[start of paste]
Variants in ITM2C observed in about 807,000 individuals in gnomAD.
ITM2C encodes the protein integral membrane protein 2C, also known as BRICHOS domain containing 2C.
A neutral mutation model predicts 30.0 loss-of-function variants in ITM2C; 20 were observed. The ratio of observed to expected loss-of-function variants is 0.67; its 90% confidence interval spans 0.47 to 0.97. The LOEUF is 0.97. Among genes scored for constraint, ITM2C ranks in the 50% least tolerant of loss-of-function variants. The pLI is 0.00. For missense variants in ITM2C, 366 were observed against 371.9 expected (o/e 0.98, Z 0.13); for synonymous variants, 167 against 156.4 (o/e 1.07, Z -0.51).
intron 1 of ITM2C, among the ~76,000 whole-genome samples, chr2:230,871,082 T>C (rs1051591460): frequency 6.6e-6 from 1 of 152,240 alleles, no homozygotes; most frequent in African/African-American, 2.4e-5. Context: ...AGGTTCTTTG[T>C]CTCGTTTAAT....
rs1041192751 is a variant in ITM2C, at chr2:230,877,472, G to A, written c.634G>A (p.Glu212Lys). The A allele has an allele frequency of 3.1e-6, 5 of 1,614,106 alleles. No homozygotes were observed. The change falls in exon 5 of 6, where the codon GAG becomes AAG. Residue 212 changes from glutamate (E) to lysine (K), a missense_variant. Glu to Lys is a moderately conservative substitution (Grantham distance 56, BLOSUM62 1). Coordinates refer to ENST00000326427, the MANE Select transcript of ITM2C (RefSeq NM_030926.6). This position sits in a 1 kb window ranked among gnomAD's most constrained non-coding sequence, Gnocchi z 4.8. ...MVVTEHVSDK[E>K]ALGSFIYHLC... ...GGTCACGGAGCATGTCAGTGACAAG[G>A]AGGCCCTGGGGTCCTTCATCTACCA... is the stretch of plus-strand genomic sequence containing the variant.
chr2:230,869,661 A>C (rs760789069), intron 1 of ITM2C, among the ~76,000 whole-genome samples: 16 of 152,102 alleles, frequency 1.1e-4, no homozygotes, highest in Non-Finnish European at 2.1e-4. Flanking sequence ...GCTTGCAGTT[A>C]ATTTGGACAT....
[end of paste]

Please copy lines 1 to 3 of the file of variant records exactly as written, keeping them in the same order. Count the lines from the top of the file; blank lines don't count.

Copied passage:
Variants in ITM2C observed in about 807,000 individuals in gnomAD.
ITM2C encodes the protein integral membrane protein 2C, also known as BRICHOS domain containing 2C.
A neutral mutation model predicts 30.0 loss-of-function variants in ITM2C; 20 were observed. The ratio of observed to expected loss-of-function variants is 0.67; its 90% confidence interval spans 0.47 to 0.97. The LOEUF is 0.97. Among genes scored for constraint, ITM2C ranks in the 50% least tolerant of loss-of-function variants. The pLI is 0.00. For missense variants in ITM2C, 366 were observed against 371.9 expected (o/e 0.98, Z 0.13); for synonymous variants, 167 against 156.4 (o/e 1.07, Z -0.51).